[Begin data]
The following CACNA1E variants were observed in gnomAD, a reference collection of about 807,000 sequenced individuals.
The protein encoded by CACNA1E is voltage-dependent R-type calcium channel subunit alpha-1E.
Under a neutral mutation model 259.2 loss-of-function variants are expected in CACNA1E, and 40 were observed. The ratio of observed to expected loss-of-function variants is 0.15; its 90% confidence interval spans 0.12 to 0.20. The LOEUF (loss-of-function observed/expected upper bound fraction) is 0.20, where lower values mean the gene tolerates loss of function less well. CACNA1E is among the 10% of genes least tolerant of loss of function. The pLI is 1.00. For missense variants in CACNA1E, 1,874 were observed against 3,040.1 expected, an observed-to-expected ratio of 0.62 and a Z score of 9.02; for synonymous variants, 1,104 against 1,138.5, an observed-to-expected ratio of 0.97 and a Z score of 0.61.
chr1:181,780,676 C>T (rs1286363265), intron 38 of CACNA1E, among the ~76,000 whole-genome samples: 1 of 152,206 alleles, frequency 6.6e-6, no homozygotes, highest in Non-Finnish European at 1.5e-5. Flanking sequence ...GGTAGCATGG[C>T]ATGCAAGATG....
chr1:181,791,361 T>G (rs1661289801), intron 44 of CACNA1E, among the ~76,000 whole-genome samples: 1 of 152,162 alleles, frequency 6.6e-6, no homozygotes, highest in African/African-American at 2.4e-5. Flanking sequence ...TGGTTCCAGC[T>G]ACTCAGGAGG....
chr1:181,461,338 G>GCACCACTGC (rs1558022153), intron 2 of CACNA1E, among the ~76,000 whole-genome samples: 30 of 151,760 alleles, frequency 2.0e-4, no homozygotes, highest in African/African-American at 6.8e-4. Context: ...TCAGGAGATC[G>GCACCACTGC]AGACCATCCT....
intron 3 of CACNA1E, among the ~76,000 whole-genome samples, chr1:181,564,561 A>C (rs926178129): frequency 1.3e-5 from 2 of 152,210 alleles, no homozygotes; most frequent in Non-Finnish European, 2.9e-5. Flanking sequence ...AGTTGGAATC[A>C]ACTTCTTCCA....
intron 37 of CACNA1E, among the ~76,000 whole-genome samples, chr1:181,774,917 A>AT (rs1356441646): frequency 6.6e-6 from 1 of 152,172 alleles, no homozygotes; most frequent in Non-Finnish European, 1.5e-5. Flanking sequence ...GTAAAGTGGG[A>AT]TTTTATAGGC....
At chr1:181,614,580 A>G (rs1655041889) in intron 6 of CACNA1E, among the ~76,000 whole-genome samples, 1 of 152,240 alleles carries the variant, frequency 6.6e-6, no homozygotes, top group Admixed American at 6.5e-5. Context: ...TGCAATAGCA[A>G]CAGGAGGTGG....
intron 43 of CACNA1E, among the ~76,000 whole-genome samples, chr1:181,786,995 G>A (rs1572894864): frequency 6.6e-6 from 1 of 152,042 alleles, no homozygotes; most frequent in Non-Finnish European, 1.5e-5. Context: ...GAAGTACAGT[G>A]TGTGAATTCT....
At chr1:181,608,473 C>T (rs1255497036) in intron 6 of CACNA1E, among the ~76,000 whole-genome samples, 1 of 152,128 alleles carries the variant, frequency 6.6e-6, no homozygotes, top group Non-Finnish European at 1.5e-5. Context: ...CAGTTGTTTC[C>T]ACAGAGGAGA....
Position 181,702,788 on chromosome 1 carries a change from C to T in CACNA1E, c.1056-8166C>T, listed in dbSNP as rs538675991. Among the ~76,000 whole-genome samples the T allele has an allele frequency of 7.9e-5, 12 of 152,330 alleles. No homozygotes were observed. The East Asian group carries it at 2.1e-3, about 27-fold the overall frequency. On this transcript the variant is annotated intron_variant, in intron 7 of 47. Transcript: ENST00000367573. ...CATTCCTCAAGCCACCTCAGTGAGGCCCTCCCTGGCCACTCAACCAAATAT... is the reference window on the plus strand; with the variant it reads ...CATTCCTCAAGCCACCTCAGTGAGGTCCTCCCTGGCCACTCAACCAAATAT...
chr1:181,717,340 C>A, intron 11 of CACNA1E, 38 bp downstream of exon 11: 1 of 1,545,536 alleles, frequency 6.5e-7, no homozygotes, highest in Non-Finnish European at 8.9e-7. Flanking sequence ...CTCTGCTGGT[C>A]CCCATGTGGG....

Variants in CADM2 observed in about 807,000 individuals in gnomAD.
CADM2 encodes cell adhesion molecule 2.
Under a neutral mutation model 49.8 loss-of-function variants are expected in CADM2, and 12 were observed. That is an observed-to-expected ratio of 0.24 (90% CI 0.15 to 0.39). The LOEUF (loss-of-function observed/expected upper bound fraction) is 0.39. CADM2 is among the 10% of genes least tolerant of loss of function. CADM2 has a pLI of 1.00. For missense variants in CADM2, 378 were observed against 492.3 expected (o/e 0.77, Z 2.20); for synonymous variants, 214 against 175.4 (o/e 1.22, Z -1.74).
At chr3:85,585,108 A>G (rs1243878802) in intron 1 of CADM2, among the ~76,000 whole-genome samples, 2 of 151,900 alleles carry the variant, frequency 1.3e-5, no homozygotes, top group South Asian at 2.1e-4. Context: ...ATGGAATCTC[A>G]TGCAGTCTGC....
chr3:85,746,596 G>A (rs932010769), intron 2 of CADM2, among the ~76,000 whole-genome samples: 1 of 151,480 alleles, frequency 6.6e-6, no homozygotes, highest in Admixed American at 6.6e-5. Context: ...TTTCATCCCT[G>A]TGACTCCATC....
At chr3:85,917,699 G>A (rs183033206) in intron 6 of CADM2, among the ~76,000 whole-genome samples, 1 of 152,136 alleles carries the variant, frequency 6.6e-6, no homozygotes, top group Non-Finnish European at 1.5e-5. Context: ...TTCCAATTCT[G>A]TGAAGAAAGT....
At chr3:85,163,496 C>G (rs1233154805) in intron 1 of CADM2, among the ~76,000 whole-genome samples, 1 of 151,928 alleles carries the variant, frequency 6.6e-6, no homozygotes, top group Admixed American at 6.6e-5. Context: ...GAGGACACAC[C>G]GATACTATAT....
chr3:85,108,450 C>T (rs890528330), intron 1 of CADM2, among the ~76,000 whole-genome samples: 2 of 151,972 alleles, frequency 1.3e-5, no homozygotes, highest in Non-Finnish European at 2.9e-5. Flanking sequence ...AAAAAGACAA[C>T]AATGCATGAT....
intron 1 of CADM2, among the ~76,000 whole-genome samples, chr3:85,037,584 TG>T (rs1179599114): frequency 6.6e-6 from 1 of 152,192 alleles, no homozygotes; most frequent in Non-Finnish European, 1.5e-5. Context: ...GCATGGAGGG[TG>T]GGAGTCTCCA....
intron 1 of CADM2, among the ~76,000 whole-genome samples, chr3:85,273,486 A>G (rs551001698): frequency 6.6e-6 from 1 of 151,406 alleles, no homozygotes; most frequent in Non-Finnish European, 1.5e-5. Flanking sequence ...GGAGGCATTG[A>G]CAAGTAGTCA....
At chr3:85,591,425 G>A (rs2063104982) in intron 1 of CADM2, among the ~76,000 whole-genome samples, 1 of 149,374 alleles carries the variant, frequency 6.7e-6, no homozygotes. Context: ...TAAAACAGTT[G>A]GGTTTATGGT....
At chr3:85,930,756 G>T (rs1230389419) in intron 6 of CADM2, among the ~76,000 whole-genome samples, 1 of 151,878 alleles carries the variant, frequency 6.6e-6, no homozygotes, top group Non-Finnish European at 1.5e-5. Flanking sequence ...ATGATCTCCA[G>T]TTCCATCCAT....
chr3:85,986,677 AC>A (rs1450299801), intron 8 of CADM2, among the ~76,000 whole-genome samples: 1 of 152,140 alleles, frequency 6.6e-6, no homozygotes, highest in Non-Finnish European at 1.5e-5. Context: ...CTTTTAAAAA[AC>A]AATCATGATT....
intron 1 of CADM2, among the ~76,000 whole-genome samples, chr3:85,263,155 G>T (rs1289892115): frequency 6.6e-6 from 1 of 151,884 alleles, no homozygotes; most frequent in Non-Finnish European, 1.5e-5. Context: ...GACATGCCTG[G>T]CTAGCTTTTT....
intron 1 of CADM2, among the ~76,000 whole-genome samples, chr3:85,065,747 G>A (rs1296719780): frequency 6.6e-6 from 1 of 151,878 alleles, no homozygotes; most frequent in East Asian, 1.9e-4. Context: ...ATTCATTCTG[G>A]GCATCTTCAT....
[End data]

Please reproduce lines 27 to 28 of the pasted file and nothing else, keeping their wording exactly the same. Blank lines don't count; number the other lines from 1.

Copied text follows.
intron 1 of CADM2, among the ~76,000 whole-genome samples, chr3:85,263,155 G>T (rs1289892115): frequency 6.6e-6 from 1 of 151,884 alleles, no homozygotes; most frequent in Non-Finnish European, 1.5e-5. Context: ...GACATGCCTG[G>T]CTAGCTTTTT....
intron 1 of CADM2, among the ~76,000 whole-genome samples, chr3:85,065,747 G>A (rs1296719780): frequency 6.6e-6 from 1 of 151,878 alleles, no homozygotes; most frequent in East Asian, 1.9e-4. Context: ...ATTCATTCTG[G>A]GCATCTTCAT....